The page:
Parental anxieties stem from the complex relationship between technology, child development, and the internet's trove of unseemly content.

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  • Today's parents believe parenting is harder now than 20 years ago.
  • A Pew Research Center survey found this belief stems from the new challenges and worries brought by technology.
  • With some schools going remote next year, many parents will need to adjust expectations and re-learn that measured screen usage won't harm their children.

Parents and guardians have always endured a tough road. They are the providers of an entire human being's subsistence. They keep that person feed, clothed, and bathe; They help them learn and invest in their enrichment and experiences; They also help them navigate social life in their early years, and they do all this with limited time and resources, while simultaneously balancing their own lives and careers.

Add to that a barrage of advice and reminders that they can always spend more money, dedicate more time, or flat-out do better, and it's no wonder that psychologists worry about parental burnout.

But is parenting harder today than it was, say, 20 years ago? The Pew Research Center asked more than 3,600 parents this question, and a majority (66 percent) believe the answer is yes. While some classic complaints made the list—a lack of discipline, a disrespectful generation, and the changing moral landscape—the most common reason cited was the impact of digital technology and social media.

A mixed response to technology

children using desktop computer

Parents worry that their children spend too much time in front of screens while also recognizing technologies educational benefits.

(Photo: Chris Hondros/Getty Images)

This parental concern stems not only from the ubiquity of screens in children's lives, but the well-publicized relationship between screen time and child development. Headlines abound citing the pernicious effects screen time has on cognitive and language development. Professional organizations, such as the American Academy of Child and Adolescent Psychiatry, issue warnings that too much screen time can lead to sleep problems, lower grades, weight problems, mood problems, poor self-image, and the fear of missing out—to name a few!

According to Pew's research, parents—which Pew defines as an adult or guardian with at least one child under their care, though they may also have adult children—have taken these warnings to heart. While 84 percent of those surveyed are confident they know how much screen time is appropriate, 71 percent worry their child spends too much time in front of screens.

To counter this worry, most parents take the measured approach of setting limits on the length of time children can access screens. Others limit which technologies children have access to. A majority of parents (71 percent) view smartphones as potentially harmful to children. They believe the devices impair learning effective social skills, developing healthy friendships, or being creative. As a result, about the same percentage of parents believe children should be at least 12 years old before owning a smartphone or using social media.

But a deeper concern than screen time seems to be what content those screens can access. An overwhelming 98 percent of those surveyed say parents and guardians shouldered the responsibility of protecting children from inappropriate online content. Far less put the responsibility on tech companies (78 percent) or the government (65 percent).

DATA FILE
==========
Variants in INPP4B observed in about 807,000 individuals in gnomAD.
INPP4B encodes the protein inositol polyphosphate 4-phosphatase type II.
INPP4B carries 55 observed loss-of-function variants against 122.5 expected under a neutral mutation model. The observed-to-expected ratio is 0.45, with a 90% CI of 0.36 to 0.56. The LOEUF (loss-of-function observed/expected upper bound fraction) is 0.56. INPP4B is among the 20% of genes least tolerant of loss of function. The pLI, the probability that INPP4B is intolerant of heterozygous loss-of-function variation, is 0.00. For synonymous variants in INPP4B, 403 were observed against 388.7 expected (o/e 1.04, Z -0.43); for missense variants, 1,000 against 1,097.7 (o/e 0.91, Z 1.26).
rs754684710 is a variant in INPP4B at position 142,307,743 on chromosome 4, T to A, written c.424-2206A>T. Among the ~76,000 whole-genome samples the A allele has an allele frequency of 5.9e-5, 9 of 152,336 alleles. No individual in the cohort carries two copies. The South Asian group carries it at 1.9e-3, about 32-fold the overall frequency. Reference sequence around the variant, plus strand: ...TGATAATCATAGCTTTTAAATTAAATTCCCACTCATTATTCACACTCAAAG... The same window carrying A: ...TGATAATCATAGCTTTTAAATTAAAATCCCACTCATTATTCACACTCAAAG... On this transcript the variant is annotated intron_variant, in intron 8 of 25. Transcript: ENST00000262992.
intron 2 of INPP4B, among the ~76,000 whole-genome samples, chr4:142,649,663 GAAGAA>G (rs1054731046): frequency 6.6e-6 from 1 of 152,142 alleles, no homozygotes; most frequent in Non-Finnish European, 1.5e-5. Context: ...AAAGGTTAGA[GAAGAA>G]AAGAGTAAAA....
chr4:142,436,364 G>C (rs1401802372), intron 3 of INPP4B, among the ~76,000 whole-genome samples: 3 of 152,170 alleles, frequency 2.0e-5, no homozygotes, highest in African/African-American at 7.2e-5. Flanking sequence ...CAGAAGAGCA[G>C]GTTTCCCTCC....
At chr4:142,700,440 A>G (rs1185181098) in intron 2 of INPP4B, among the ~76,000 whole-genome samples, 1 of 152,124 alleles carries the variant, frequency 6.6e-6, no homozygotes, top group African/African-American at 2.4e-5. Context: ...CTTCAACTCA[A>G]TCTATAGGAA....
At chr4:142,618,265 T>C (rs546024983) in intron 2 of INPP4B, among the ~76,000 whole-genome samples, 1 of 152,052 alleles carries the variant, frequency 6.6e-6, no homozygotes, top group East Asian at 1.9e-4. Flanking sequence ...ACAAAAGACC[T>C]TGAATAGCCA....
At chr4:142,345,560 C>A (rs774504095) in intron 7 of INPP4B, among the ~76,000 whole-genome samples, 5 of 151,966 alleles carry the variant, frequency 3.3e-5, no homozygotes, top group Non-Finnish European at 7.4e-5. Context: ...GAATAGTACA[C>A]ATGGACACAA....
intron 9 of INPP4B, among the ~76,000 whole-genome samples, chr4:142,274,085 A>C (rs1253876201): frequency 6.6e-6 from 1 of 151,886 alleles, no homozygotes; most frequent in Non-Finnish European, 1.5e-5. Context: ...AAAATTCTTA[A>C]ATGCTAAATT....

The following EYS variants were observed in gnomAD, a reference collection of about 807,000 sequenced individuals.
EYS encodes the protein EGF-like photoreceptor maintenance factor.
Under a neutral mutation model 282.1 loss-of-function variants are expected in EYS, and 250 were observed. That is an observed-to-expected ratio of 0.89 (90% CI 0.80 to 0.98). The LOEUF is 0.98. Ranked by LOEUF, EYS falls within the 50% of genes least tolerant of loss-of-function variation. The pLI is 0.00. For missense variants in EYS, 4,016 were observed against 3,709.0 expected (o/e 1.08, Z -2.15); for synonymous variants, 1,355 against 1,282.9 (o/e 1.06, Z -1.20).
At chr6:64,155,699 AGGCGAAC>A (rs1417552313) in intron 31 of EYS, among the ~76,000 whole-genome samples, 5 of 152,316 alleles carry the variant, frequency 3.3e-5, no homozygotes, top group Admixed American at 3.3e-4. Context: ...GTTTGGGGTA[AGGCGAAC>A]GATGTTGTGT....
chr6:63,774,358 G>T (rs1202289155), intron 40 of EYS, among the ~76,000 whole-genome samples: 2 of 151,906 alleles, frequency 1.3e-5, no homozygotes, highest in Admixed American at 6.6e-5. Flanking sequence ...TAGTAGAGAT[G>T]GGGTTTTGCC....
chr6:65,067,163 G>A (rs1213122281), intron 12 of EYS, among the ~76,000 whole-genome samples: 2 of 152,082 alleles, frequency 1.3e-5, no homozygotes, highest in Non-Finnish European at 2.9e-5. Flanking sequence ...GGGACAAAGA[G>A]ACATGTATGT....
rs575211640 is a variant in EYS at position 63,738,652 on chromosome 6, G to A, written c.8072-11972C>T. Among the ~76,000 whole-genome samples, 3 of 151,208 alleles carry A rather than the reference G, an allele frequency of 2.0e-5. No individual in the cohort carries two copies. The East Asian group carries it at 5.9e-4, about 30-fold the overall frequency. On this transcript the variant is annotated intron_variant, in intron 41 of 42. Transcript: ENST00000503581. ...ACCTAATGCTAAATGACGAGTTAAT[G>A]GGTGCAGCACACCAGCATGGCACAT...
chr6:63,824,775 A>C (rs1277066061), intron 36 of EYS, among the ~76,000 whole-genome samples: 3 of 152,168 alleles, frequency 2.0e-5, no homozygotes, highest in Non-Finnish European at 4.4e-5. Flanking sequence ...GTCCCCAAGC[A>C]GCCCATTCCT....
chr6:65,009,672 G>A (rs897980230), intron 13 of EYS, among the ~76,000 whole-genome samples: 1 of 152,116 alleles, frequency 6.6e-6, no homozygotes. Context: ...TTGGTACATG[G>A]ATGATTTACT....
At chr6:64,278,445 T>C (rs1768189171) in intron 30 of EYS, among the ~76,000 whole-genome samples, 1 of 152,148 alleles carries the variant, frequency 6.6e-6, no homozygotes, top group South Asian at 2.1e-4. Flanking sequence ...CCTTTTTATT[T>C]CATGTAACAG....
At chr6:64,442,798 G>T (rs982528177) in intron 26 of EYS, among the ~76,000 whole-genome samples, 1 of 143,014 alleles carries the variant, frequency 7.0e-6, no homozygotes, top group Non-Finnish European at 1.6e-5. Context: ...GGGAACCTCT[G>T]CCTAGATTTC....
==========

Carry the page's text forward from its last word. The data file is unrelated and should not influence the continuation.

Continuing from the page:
Parents of young children say they check the websites and apps their children use and set parental controls to restrict access. A minority of parents admit to looking at call and text records, tracking their child's location with GPS, or following their child on social media.

Yet, parents also recognize the value of digital technology or, at least, have acquiesced to its omnipresence. The poster child for this dichotomy is YouTube, with its one billion hours played daily, many before children's eyes. Seventy-three percent of parents with young children are concerned that their child will encounter inappropriate content on the platform, and 46 percent say they already have. Yet, 80 percent still let their children watch videos, many letting them do so daily. Some reasons cited are that they can learn new things or be exposed to different cultures. The number one cited reason, however, is to keep children entertained.

For the Pew Research Center's complete report, check out "Parenting Children in the Age of Screens."

Screens, parents, and pandemics

Perhaps most troubling, Pew's survey was conducted in early March. That's before novel coronavirus spread wildly across the United States. Before shelter-in-place laws. Before schools shuttered their doors. Before desperate parents, who suddenly found themselves their child's only social and educational outlet, needed a digital lifeline to help them cope.

The COVID-19 pandemic has led many parents to rely on e-learning platforms and YouTube to supplement their children's education—or just let the kids enjoy their umpteenth viewing of "Moana" so they can eke out a bit more work. With that increase in screen time comes a corresponding increase in guilt, anxiety, and frustration.

But are these concerns overblown?

As Jenny Radesky, M.D., a pediatrician and expert on children and the media at the University of Michigan's C.S. Mott Children's Hospital, told the New York Times, parents don't always need to view screen time as a negative. "Even the phrase 'screen time' itself is problematic. It reduces the debate to a black and white issue, when the reality is much more nuanced," Radesky said.

Radesky helped the American Academy of Pediatrics craft its statement about screen time use during the pandemic. While the AAP urges parents to preserve offline experiences and maintain limits, the organization acknowledges that children's media use will, by necessity, increase. To make it a supportive experience, the statement recommends parents make a plan with their children, be selective of the quality of media, and use social media to maintain connections together. It also encourages parents to adjust their expectations and notice their own technology use.

"We are trying to prevent parents from feeling like they are not meeting some sort of standard," Radesky said. "There is no science behind this right now. If you are looking for specific time limits, then I would say: Don't be on it all day."

This is good advice for parents, now and after the pandemic. While studies show that excessive screen time is deleterious, others show no harm from measured, metered use. For every fear that screens make our kids stupid, there's a study showing the kids are all right. If we maintain realistic standards and learn to weigh quality and quantity within those standards, maybe parenting in the digital age won't seem so darn difficult.